Former Press and Journal chief reporter Ethel Simpson, a “trailblazer” in journalism, has died aged 91.
During a career spanning more than 40 years, Miss Simpson made a name for herself as one of the first female chief reporters in Scotland, if not the UK.
Born into a farming family in Whiterashes, Aberdeenshire, she left Inverurie Academy aged 14 and within a year had joined Aberdeen Journals, now part of the DC Thomson group, as a shorthand typist as a “foot in the door”.
When one of the newspaper’s reporters was called up to serve in the Second World War in 1945, Miss Simpson was moved to the editorial department and quickly carved out a reputation for herself.
Former P&J deputy news editor Hamish Mackay said she and Pearl Murray, who rose to be the P&J’s features editor, were “formidable journalists and among the pioneers of women in the media in Scotland”.
He said Miss Simpson was a constant fighter for gender equality in the newsroom – at one point taking up the case of a female journalist told to go home and change from trousers into a skirt.
“Ethel raised merry hell with the editorial hierarchy, and a decree was issued saying it was perfectly proper for a woman journalist to wear trousers,” Mr Mackay recalled.
Over three months in 1955 and 1956, Miss Simpson and a colleague embarked upon a 10,000-mile tour of northern Africa and the Middle East, filing copy outlining their adventures for a series called Sand in my Skirt.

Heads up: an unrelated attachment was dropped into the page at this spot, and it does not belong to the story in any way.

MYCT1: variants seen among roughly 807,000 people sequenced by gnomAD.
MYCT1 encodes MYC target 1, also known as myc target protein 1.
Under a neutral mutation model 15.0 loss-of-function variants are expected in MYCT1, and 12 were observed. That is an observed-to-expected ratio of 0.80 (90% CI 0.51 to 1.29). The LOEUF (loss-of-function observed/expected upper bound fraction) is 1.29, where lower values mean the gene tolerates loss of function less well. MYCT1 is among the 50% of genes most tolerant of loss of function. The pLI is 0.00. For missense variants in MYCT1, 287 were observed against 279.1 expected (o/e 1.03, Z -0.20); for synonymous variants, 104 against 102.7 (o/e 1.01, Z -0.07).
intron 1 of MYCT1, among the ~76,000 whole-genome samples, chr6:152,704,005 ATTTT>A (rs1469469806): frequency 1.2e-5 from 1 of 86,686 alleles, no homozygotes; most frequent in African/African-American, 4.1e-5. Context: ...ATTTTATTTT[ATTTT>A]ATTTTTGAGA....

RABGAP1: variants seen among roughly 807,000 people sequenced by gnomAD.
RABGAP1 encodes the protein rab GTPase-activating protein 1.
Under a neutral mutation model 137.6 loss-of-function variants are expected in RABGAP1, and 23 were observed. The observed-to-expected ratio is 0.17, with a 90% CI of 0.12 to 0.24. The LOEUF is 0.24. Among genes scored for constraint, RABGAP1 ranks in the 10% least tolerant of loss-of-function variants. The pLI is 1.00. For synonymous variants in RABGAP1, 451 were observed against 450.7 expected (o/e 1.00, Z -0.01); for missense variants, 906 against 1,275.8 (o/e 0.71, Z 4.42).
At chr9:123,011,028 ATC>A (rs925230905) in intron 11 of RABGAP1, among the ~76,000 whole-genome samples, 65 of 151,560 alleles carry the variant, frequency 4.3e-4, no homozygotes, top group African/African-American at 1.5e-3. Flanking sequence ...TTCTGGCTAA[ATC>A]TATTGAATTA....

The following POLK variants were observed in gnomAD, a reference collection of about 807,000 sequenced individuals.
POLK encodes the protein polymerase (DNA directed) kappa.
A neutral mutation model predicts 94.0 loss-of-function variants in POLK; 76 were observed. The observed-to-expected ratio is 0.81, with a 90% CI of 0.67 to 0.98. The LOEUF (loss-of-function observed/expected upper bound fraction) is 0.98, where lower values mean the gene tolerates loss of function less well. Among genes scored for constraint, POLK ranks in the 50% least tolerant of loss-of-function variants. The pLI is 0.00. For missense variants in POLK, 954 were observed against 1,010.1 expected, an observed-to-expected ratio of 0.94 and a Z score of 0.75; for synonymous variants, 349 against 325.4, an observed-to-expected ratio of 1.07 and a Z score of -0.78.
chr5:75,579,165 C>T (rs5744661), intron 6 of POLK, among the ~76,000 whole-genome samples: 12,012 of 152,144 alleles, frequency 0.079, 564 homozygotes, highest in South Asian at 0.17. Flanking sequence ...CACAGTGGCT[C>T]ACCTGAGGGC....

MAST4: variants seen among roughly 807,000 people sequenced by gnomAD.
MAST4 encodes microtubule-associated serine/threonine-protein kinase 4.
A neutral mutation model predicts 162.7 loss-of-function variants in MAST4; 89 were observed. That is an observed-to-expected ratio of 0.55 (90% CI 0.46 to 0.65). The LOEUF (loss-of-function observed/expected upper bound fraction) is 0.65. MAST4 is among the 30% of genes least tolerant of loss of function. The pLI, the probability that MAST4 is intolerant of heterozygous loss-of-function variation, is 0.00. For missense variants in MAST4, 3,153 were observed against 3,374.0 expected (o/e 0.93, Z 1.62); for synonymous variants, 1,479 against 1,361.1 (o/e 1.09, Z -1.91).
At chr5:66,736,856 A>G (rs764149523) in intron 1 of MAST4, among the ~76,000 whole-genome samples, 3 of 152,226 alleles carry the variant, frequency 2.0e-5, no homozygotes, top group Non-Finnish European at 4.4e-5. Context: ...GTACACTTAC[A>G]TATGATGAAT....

The pair met Gordon Highlanders stationed in Cyprus, rode camels in Cairo and even had coffee with the Queen of Jordan.
In 1975, Miss Simpson was promoted to chief reporter. She retired in 1986.
Former editor Peter Watson said: “She was an excellent journalist, well known and well respected.
“Generations of young reporters have every reason to be grateful for the kindness and motherliness she showed them.”
Daughter Emma, who followed her mother into a career in journalism, said she had been a “huge inspiration”.
“She drilled into me the need for accuracy and fact checking but above all the need to act with integrity.
“She cared deeply about her craft, her colleagues and the P&J readership.”
Miss Simpson is survived by Emma, son-in-law Neil and two grandsons.